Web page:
Drain the lemon juice and give the fish a very quick rinse.

Lay the fish back in the dish, flesh side up, and sprinkle the remaining garlic cloves over top along with a pinch more red chili flakes.  Finely mince the dill weed and chives and sprinkle them on top of the fish.  Drizzle olive oil on the fish until they are just barely covered. Cover the dish and tuck it in the fridge for 24 hours.

When you’re ready to serve the marinated smelt, let them sit at room temperature for 30 minutes so they can come up in temperature and loosen the olive oil.

These smelt are delicious on crostini with a drizzle of good olive oil and a slice of roasted red pepper. However, my favorite is on soft white bread slathered in cold butter with thinly sliced radishes.  A smattering of good olives on the side, and you can leave me be for at least half an hour.

The texture of the fish is tender-firm, not as “cooked” as a typical sardine and still pliant like a cold smoked salmon.

Sure, fish that has been marinated, pickled or smoked is definitely an acquired taste, but let’s just say that I have a history of acquisition.  If you enjoy marinated anchovies and sardines, or feel a sense of whimsy and challenge in the kitchen that can’t be tamped down at the sight of scales, why not give marinated smelt a shot too?


  • Kimberley

    And Father’s Day Brunch is taken care of.


  • lo

    Since smelt is so native to these here great lakes we live upon, I should really be pulling out the stops and making this ASAP. But, the truth is, I’ve never eaten these little baby fishies. ’bout time I tried them, hey?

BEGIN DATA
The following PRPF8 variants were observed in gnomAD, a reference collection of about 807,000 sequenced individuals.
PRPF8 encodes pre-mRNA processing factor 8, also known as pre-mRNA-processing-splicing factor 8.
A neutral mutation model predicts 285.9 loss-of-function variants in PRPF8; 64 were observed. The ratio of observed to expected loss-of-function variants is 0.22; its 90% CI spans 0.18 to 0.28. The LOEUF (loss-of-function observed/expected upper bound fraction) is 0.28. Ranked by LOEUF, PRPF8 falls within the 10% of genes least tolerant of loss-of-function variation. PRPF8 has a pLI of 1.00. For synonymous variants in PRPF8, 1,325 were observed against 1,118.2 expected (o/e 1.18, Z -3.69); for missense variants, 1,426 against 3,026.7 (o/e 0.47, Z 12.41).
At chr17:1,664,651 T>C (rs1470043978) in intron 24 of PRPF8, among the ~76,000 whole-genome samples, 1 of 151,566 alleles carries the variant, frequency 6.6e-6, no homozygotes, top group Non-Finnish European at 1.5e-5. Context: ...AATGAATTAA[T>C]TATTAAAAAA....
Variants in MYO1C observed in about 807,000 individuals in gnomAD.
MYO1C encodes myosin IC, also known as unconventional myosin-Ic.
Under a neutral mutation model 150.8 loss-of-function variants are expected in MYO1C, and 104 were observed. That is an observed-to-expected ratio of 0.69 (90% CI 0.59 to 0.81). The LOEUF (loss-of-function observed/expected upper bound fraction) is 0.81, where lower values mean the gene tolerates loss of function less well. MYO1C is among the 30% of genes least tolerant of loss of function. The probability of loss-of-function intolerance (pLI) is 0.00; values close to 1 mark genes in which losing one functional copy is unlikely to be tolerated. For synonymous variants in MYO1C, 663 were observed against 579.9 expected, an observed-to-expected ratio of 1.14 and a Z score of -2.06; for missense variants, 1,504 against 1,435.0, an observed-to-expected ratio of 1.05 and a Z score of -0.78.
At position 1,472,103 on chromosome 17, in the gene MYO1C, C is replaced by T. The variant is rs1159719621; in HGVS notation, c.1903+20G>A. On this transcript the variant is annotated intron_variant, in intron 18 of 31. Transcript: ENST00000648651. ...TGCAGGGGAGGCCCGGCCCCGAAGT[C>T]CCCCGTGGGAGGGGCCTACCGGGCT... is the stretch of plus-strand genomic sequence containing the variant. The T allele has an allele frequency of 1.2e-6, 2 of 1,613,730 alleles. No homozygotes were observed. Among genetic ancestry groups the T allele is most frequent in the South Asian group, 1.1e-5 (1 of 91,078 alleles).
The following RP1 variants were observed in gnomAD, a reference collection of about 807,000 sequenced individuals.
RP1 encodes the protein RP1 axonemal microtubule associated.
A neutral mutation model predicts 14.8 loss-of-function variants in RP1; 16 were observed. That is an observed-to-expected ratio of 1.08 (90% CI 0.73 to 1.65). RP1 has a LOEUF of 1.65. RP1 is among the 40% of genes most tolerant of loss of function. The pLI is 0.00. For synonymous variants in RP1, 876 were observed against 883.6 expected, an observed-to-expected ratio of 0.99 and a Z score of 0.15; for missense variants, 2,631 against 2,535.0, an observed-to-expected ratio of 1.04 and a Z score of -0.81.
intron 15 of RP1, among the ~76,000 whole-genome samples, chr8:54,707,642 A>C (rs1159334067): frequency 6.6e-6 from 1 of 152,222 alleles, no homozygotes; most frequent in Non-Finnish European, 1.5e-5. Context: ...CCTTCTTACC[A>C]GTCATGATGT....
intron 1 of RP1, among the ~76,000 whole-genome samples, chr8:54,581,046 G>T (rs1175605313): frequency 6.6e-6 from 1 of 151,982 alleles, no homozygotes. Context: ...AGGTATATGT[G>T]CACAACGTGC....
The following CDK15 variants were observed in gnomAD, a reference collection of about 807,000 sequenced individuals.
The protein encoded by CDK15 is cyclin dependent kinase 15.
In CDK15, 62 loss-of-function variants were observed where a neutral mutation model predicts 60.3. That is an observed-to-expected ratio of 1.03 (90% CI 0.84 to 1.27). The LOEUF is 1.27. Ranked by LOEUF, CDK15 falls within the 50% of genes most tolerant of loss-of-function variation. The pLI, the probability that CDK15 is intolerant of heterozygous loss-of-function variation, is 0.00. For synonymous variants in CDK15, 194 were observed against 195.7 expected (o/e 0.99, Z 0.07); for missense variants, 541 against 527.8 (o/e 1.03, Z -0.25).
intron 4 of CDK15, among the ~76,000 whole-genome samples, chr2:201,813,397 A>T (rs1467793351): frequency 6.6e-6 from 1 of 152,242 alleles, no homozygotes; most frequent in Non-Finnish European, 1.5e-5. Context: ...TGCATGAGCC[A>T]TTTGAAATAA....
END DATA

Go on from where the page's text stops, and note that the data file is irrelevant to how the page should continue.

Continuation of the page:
• Jacquie

    Thank you for the, “If it smells fishy, don’t make this dish” disclaimer. Real fish, even fresh-frozen fish should not have that gross fish smell. That is bad fish.

    Yay! Butter and Radishes! My favorite spring treat.

  • Otto

    There aren’t enough people who appreciated marinated or cured fish. You’re right, definitely an acquired taste. If only more people would give it a try! This looks delicious, but I would eat it on toasted rye with cream cheese.

  • daigoumee

    Pretty great post on marinated fish! I just stumbled upon your blog and wanted to say that I have really enjoyed browsing your blog posts. This reminds me of the anchoa I ate in Spain. In any case, I’ll be subscribing to your feed and I hope you write again soon!